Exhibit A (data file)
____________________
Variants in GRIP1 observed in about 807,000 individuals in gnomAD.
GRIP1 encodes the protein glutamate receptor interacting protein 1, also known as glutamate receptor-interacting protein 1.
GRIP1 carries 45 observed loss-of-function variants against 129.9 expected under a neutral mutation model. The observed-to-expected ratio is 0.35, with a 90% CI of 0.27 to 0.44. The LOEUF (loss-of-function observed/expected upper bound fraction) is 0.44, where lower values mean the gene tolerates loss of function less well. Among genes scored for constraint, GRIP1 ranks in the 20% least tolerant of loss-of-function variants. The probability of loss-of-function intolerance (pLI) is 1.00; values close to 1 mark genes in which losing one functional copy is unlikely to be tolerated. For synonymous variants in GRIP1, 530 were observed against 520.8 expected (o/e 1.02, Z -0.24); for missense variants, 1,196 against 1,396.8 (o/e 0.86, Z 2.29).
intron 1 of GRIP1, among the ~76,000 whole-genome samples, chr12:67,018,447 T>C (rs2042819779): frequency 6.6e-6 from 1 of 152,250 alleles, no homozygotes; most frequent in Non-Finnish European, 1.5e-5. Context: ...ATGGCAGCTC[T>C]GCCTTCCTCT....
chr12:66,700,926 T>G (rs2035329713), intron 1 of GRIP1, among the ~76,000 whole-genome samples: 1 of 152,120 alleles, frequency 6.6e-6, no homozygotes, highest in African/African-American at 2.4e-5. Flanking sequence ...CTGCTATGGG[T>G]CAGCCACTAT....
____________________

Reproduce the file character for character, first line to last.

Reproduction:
Variants in GRIP1 observed in about 807,000 individuals in gnomAD.
GRIP1 encodes the protein glutamate receptor interacting protein 1, also known as glutamate receptor-interacting protein 1.
GRIP1 carries 45 observed loss-of-function variants against 129.9 expected under a neutral mutation model. The observed-to-expected ratio is 0.35, with a 90% CI of 0.27 to 0.44. The LOEUF (loss-of-function observed/expected upper bound fraction) is 0.44, where lower values mean the gene tolerates loss of function less well. Among genes scored for constraint, GRIP1 ranks in the 20% least tolerant of loss-of-function variants. The probability of loss-of-function intolerance (pLI) is 1.00; values close to 1 mark genes in which losing one functional copy is unlikely to be tolerated. For synonymous variants in GRIP1, 530 were observed against 520.8 expected (o/e 1.02, Z -0.24); for missense variants, 1,196 against 1,396.8 (o/e 0.86, Z 2.29).
intron 1 of GRIP1, among the ~76,000 whole-genome samples, chr12:67,018,447 T>C (rs2042819779): frequency 6.6e-6 from 1 of 152,250 alleles, no homozygotes; most frequent in Non-Finnish European, 1.5e-5. Context: ...ATGGCAGCTC[T>C]GCCTTCCTCT....
chr12:66,700,926 T>G (rs2035329713), intron 1 of GRIP1, among the ~76,000 whole-genome samples: 1 of 152,120 alleles, frequency 6.6e-6, no homozygotes, highest in African/African-American at 2.4e-5. Flanking sequence ...CTGCTATGGG[T>G]CAGCCACTAT....